Placing a greater focus on renewables can help to boost the UK economy and benefit all involved, it has been claimed.

According to Secretary of State for Energy and Climate Change, Edward Davey, a greater role for sustainable energy sources such as solar panels within the UK's "diverse energy mix" can protect Britain from "fossil fuel price shocks".

He explained that it can help to bring "significant growth" to the economy and noted that the government is not only focused on growth, but on a more balanced form of expansion, with decisions taken for the long term.

"Our commitment to a low-carbon future is driven by a hard-headed assessment that it is good for our economy and essential for our long-term energy security," he explained.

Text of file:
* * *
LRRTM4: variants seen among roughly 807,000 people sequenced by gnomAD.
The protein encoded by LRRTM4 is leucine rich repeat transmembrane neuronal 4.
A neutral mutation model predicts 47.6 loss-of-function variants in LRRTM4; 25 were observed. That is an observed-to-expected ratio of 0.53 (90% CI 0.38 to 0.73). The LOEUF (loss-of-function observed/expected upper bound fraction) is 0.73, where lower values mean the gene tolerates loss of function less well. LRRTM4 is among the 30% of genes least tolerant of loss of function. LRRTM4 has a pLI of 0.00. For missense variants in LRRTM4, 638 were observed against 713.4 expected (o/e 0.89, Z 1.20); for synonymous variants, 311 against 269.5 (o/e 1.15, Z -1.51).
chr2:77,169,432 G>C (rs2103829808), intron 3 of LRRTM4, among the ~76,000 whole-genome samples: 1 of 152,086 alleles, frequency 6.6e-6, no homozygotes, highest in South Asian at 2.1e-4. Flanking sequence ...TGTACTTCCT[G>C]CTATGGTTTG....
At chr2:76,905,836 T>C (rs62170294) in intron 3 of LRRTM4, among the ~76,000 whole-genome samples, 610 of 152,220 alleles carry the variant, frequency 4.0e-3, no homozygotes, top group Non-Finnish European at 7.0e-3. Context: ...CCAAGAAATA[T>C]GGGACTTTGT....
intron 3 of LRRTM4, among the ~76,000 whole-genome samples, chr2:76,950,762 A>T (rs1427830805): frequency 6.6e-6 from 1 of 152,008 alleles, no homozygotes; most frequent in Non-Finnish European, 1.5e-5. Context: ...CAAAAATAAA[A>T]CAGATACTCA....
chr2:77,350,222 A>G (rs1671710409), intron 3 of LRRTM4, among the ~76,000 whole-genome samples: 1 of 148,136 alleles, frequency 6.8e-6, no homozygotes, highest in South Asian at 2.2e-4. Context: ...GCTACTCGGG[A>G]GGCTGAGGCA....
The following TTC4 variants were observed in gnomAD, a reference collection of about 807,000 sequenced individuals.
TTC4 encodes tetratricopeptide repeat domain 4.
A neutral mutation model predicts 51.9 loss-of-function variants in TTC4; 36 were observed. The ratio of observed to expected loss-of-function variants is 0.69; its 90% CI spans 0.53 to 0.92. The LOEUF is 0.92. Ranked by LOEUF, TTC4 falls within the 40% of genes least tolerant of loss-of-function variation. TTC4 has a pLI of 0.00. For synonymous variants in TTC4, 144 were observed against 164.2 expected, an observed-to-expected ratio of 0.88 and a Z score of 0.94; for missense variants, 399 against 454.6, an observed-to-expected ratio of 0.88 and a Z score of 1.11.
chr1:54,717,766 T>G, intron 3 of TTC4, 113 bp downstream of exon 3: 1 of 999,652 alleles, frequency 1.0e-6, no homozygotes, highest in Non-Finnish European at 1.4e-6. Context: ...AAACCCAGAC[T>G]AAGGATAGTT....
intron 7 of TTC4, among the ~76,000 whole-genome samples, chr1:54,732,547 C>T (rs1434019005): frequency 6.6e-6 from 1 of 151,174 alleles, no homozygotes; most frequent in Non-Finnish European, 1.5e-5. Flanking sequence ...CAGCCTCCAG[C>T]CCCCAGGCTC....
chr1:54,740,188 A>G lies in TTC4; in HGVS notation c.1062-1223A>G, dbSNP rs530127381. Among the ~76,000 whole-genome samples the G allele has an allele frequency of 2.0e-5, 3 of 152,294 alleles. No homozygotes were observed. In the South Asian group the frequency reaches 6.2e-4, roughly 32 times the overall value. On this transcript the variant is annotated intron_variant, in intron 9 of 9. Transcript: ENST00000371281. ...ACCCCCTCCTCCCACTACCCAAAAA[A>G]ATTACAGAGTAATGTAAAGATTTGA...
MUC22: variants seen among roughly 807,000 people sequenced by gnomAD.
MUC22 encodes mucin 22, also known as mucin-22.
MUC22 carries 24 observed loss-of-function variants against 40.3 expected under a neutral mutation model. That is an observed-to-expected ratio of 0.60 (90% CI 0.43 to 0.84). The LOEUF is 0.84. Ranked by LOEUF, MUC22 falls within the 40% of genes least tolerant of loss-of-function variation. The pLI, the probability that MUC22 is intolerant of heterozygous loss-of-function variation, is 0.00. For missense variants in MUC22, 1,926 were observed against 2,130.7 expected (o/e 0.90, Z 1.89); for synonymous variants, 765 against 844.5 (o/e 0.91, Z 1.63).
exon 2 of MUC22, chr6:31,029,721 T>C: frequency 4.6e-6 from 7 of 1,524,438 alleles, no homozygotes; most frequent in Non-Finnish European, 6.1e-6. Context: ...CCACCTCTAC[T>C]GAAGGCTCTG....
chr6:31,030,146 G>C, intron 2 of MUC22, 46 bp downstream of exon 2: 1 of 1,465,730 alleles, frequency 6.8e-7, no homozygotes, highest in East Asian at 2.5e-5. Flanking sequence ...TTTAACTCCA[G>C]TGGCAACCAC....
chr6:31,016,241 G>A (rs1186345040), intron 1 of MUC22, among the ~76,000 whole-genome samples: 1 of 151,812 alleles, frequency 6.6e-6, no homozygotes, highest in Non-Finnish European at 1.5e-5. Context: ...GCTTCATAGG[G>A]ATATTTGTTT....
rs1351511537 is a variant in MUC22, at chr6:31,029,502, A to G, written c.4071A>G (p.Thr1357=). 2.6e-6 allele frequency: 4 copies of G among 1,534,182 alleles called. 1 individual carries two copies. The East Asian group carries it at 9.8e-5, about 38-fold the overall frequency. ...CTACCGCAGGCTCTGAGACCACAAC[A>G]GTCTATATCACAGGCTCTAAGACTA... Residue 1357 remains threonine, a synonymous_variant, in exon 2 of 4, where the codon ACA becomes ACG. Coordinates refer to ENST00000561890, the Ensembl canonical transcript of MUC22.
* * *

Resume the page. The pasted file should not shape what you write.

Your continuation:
"That is why we want more renewables in our energy mix – and why, over the past two years, we've added more renewable capacity than at any time in the last decade."

He pointed out that the cost of support for renewables is "not great" – standing at around 3p out of every £1 on the average household electricity bill – but it is there, and noted that it is the government's responsibility to UK citizens to create a low-carbon energy mix that is affordable both for the taxpayer, the bill payer and the wider economy.

"There's a historical precedent here: our oil and gas supply chain benefited from direct and indirect government support, building a world-class industry."

Mr Davey also touched on the new Green Investment Bank, noting that, alongside reforms to the electricity market and a step-change on energy efficiency through the Green Deal, the Bank heralds the beginnings of "a new industrial policy", as it opens for business and starts making its first investments.

"As with the government's other energy and climate policies, the UK Green Investment Bank is about looking to a different horizon – not just thinking short-term, but building a more sustainable economy," he added.